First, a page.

First, the overall wit of the film did not have any consistency. Like it wasn't quite biting satire nor laugh out loud funny. More like a bunch of kids in a class as a group project decided to do a Woody Allen Movie and they each threw in different random "Woody Allen" cliches. It had the cranky older, neurotic Jewish intellectual. The young love interest. Lots of didactic dialogue. Lots of New Yorky stuff. However. Larry David, though I know it may be part of his schtick, was so charmless, disbelief was never suspended, and at some points just you wonder why he decided to act.

The basic plot is that a small town Louisiana cheerleader runs away from home to New York City, where she immediately shacks up with the charmless Larry David who hurls continuous insults at her. He's so caustic, and is so misanthropic, especially towards her kind, why would a young hottie move in with hairy old that? It's just 90 or so minutes of mean spirited attacks on cardboard cut-out of a clueless middle-American Shiksa, as if some sort of Bush era lefty anger therapy session. Any humor or satire is short-circuited by bitter, blunt, witless insults. The coquettish "domolestic" scenes of the scantily clad blonde showing off her panties and cleavage while changing channels on the old man's couch, are just way too much information. Sooner or later the unfortunate image of wrinkly, charmless, hairy-necked LD struggling to achieve orgasm is gonna pop in your head, and no matter how hard you try to make it go away, it'll stick there like the old man splooge on her smooth, under-aged ass. If she were just tied up, beaten and raped mercilessly for 2 hours, it would have been more honest -- and at least it would have an edge.

But let's not blame everything on poor charmless Larry David. Evan Rachel Wood put on such a memorable (unfortunately), cloying southern accent throughout, within moments you just want to make her go away. It seemed she was playing her part slapstick, while Larry David was playing deadpan. In the end, they had no screen chemistry whatsoever. Just annoying verbal cacophony. Laura and I soldiered on watching gag after gag fall flat until...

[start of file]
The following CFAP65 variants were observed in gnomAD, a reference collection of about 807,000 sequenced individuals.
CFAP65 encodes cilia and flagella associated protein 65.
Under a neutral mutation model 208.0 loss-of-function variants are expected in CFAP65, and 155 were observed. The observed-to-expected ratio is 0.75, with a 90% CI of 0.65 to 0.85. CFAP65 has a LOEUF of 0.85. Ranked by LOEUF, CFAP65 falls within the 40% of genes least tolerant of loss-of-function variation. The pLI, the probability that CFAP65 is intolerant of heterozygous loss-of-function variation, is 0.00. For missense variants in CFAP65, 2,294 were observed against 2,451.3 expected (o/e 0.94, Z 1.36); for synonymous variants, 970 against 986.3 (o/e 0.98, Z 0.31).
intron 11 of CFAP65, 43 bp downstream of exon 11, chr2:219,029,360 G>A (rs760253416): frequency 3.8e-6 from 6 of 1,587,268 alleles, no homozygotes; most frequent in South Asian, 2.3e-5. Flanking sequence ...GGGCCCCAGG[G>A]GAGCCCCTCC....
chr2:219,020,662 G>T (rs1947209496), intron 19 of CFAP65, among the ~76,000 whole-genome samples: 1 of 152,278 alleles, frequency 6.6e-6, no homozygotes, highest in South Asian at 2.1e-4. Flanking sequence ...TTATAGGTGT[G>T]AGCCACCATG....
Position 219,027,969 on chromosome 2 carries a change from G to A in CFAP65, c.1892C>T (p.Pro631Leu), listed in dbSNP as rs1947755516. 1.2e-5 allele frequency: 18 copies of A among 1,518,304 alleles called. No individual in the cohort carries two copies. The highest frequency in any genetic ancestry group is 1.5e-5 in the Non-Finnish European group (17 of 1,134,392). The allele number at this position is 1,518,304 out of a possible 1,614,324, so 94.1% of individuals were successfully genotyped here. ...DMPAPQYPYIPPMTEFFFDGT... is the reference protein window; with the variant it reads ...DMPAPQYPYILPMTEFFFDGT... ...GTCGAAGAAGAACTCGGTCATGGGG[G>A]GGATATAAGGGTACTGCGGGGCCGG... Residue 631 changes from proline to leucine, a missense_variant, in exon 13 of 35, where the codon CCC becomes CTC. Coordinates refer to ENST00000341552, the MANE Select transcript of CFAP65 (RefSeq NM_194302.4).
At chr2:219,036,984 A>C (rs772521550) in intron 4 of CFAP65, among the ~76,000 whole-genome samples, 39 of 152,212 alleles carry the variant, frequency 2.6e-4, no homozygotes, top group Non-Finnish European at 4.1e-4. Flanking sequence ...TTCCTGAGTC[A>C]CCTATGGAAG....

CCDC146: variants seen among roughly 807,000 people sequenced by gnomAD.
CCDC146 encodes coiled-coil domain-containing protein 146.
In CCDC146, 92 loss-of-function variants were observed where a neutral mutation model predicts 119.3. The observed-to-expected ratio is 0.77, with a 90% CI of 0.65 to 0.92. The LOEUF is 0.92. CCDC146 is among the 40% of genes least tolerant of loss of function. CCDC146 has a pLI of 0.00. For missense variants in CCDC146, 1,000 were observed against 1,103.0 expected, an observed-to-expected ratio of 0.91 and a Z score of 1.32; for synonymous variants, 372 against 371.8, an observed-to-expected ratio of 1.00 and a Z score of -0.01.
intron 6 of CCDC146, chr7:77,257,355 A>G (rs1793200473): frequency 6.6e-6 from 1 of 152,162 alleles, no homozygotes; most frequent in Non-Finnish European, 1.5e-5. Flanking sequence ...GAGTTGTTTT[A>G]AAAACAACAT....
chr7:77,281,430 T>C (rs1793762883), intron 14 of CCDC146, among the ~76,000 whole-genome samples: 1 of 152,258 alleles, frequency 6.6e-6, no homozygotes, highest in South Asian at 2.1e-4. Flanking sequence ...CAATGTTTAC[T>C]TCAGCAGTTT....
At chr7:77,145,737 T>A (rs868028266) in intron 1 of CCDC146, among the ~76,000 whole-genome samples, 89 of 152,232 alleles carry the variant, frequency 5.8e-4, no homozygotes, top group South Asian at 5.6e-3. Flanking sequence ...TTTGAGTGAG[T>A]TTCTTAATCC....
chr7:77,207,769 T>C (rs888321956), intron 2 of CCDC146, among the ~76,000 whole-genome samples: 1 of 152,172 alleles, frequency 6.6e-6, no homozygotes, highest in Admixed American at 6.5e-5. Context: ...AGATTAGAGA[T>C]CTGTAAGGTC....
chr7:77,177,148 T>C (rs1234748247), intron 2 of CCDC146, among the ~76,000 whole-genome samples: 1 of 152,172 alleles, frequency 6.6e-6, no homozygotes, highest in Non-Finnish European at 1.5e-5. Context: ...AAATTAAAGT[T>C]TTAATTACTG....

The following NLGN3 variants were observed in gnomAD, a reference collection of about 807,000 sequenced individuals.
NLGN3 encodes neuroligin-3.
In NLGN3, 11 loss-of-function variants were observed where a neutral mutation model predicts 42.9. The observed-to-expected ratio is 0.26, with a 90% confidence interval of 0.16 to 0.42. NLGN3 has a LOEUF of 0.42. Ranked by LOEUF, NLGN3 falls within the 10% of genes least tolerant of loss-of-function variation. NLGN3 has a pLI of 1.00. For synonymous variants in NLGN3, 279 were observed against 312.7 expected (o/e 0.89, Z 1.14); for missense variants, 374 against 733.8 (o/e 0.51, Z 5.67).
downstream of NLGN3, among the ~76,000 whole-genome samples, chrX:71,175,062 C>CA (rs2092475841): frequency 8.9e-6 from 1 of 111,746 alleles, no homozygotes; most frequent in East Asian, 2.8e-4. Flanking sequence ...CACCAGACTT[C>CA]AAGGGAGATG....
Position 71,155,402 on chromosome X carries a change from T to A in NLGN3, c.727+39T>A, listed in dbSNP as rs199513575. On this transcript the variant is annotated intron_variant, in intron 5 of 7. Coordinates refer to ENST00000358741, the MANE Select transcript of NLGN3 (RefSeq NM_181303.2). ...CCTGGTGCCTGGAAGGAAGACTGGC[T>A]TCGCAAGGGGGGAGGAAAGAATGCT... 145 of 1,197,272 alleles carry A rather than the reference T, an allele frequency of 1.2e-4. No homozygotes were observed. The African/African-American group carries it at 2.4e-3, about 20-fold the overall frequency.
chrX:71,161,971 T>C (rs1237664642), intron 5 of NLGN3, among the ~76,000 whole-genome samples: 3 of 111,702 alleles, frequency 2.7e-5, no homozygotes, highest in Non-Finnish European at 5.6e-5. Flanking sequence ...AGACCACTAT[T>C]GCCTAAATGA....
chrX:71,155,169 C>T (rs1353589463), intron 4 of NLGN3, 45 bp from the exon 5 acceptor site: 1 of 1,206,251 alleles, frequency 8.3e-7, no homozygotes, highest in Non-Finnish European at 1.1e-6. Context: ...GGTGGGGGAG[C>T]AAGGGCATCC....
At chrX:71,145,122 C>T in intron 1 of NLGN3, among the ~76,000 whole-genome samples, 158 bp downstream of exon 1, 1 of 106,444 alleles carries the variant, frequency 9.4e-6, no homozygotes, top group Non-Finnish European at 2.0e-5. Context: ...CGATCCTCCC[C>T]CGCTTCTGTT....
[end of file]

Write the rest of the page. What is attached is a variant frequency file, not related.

I think the decisive moment arrived when Evan Rachel Ward went to see some sort of punk rock show with a guy she met on the sidewalk. The name of the band on the marquee was "Anal Sphincter." We both laughed.

"Nice zinger, grampa!"

"Maybe you audition for Regis and Cathy Lee!"

In the morning, after Laura left for work, I made breakfast and settled in front of the TV to watch the rest. Mainly, to see if perhaps I may have snuck on screen, egomaniac that I am, but also, just out of some sick curiosity about how bad it could get. At some point, you have to ask yourself, how hard is it to squeeze out a middle-brow, vaguely funny feature, anyway? Well, apparently, harder than one would imagine.

With my plate-full of eggs and potatoes, a glass of orange juice and my 3rd mug of coffee, I sat to watch the thing in its entirety. There was a scene in the apartment, where the ERW and LD were talking about fate, their differences etc., and it occurred to me that this was some half-assed attempt at a more comical Eugene O'Neill play. I never really was a fan of Eugene O'Neil, nor did I ever see the connection between WA and EO before. But now I do. This scene drew me in. Laura's comments about how this was nothing more than a pathetic old man's wet dream aside, these scenes with Larry David speaking to the camera were perversely fascinating. The didactic monologue. Left leaning philosophy-lite. The grimy urban texture. Stir in a quantum physicist's theories of Chaos, and you have nice cup of cinematic warm milk served by a teenage girl in panties. Larry David's wise old man character, said to have been nominated for a nobel prize, is saying stuff that stoned kids in a college dorm say at 4 am after a few hits of acid and a half-dozen joints. Only to their advantage, they have that sparkly patina of youth on their side to detract from the mediocracy of what is coming out of their mouths. There's no sparkle of any kind on Larry David. Just a cloying, dull curmudgeon that won't shut the fuck up.

Now if ERW, the young hottie were saying the same lines, which a kid from Louisiana who is adventurous enough to run away to New York City could certainly come up with -- perhaps after having first heard them from a Woody Allen Movie she saw on HBO when she was 12 -- it would have produced a modicum of sparkle power. However, her lines are dumbed down even dumber than the dumb "smart" lines of LD to the point of being simply unwatchable, and let me remind you: not funny.

One notable detail was that LDs apartment had a wall of empty barrister cases. I realize this may have been for visual effect, clean cinematic lines or some crap having nothing to do with furthering the character or story, but since when does a New York intellectual have a house full of empty bookcases? It could have been a funny plot twist (lord knows this film could have used one). LD could have had a tantrum burned all his books, SHE could have burned or thrown out his books, or better, HE could have burned them all after being converted to philistinism by young, fresh pussy. So, ironically, I was hired as an extra to play a bookseller in a movie that was censoring the portrayal of books.